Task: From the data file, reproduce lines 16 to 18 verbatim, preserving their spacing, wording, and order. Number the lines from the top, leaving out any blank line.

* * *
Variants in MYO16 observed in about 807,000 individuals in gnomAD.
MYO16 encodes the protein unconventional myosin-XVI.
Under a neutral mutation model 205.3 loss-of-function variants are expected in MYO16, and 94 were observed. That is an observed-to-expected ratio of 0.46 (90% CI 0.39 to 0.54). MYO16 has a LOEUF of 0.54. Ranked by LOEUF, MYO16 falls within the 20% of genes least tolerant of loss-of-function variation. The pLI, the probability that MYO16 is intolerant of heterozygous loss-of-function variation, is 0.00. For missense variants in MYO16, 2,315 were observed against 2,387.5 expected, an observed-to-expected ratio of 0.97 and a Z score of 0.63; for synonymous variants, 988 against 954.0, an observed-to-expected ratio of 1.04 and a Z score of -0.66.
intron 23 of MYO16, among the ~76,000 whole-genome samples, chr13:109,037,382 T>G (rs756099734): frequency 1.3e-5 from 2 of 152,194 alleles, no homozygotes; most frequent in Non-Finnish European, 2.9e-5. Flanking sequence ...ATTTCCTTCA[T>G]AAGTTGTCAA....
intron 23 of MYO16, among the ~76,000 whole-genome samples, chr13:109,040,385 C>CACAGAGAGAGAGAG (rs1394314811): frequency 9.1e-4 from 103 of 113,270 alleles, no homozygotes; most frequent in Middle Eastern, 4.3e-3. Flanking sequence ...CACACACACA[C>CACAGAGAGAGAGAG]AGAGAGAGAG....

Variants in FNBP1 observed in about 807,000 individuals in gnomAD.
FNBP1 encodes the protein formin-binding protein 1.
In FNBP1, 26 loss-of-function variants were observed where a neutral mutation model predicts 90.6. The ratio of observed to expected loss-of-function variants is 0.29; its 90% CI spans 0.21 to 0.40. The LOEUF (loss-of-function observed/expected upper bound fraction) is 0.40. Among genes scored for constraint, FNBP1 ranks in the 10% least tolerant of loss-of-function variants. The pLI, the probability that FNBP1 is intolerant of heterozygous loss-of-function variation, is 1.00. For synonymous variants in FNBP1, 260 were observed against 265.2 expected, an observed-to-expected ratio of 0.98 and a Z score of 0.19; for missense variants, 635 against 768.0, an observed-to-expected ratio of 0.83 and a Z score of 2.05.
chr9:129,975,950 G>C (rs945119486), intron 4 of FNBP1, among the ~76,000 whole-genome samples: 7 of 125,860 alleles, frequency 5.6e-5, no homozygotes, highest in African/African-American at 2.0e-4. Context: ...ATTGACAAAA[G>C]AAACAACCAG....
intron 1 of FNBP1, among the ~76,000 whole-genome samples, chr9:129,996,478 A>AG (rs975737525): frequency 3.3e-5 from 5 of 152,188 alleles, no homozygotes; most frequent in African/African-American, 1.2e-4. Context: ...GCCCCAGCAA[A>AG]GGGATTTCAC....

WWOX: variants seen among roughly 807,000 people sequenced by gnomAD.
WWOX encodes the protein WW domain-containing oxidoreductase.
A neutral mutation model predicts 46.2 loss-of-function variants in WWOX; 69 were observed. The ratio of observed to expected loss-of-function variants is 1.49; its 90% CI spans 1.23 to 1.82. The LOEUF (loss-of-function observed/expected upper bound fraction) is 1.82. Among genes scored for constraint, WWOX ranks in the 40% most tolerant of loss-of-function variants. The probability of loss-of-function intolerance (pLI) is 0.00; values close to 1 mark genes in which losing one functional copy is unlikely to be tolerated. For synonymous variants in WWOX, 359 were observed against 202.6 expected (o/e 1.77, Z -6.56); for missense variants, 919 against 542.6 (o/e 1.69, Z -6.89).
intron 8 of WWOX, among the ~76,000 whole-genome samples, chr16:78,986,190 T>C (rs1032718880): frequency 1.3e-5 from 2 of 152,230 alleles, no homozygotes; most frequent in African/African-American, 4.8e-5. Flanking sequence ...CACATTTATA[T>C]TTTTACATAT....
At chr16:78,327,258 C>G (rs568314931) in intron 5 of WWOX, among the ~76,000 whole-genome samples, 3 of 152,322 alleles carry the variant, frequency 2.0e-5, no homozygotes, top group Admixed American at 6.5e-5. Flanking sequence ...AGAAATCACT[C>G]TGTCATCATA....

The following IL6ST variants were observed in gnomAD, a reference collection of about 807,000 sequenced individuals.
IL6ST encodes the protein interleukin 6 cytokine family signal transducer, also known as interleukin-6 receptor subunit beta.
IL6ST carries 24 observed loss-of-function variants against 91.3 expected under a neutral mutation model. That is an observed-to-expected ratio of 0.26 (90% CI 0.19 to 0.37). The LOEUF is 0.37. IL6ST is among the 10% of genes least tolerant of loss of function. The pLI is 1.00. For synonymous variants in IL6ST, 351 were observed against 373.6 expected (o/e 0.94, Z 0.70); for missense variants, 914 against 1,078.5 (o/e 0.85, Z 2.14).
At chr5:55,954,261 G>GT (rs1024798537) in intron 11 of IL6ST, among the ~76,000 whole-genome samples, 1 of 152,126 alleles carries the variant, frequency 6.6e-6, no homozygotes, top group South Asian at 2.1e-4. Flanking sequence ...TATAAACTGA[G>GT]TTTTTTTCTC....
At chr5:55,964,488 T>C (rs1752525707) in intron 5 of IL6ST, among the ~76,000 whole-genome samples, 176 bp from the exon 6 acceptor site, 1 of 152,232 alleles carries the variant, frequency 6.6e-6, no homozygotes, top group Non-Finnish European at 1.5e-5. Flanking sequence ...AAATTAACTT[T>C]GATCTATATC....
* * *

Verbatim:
The following IL6ST variants were observed in gnomAD, a reference collection of about 807,000 sequenced individuals.
IL6ST encodes the protein interleukin 6 cytokine family signal transducer, also known as interleukin-6 receptor subunit beta.
IL6ST carries 24 observed loss-of-function variants against 91.3 expected under a neutral mutation model. That is an observed-to-expected ratio of 0.26 (90% CI 0.19 to 0.37). The LOEUF is 0.37. IL6ST is among the 10% of genes least tolerant of loss of function. The pLI is 1.00. For synonymous variants in IL6ST, 351 were observed against 373.6 expected (o/e 0.94, Z 0.70); for missense variants, 914 against 1,078.5 (o/e 0.85, Z 2.14).